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SEPTIC PUERPERAL ENDOMETRITIS





Category: Diseases of Women

This is an inflammation of the inner
lining of the womb that occurs after child-birth during the first few
weeks, and is due to a poison.

Symptoms. The attack usually begins with a chill, preceded by a regular
increase of the temperature and pulse. The face looks flushed at first,
but it soon becomes pale and the patient has an anxious look, as the
disease goes on. There is very little pain, if any. The discharge that
always follows labor is diminished or stops and has no odor, if there is
any discharge.


The death rate is from five to twenty-five per cent.

Treatment. Never scrape out (curette) the womb for this disease. The womb
should be washed out with a hot salt solution, one teaspoonful of salt to
one pint of water, and then packed with ten per cent iodoform gauze. This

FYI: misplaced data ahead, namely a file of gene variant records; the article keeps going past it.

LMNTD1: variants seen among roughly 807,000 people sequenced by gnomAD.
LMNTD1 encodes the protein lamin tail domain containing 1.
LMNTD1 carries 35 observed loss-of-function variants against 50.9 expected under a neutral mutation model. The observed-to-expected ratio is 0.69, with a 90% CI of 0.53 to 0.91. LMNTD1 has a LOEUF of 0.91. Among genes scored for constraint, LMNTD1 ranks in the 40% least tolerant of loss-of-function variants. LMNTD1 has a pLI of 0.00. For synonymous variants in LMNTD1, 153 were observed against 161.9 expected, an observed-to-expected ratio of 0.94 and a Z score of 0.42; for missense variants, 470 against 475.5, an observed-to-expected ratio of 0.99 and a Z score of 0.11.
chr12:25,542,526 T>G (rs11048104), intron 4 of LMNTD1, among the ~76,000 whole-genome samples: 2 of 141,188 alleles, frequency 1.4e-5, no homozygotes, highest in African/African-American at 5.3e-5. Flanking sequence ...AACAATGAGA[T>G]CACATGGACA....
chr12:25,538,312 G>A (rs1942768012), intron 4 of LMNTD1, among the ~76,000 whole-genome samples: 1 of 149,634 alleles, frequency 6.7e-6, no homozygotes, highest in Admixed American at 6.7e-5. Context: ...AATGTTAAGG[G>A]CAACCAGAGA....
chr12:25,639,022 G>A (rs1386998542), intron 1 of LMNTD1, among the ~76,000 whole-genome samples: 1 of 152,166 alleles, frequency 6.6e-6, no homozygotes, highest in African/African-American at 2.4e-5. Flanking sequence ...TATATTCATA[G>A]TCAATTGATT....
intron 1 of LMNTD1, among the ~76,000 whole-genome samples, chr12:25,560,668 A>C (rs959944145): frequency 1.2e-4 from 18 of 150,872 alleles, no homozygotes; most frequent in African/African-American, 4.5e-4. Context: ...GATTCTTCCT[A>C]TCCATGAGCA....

solution should also be injected hot into the rectum and frequently. The
bowels should move freely, and if necessary injections may be given for
that purpose.

The strength must be kept up by a liquid diet. Milk, brandy and
strychnine, if necessary; 1/100 of a grain of strychnine can be given
every four hours. Milk should be given every half hour, about two ounces
at one time: or more if it agrees well.

The gauze should be removed gradually, beginning on the third day and
ending on the ninth day.

In this disease the interior of the womb is smooth and contains no broken
down or foreign tissue. In the next disease, Putrid Endometritis, it is
far different, for this is caused by the presence of dead material, such
as parts of the after-birth, left in after labor, or sloughing tumors.
This material becomes putrid (rotten), and thus causes the disease called
"Putrid Endometritis."





Next: PUTRID ENDOMETRITIS

Previous: INFLAMMATION OF THE LINING OF THE WOMB. Endometritis



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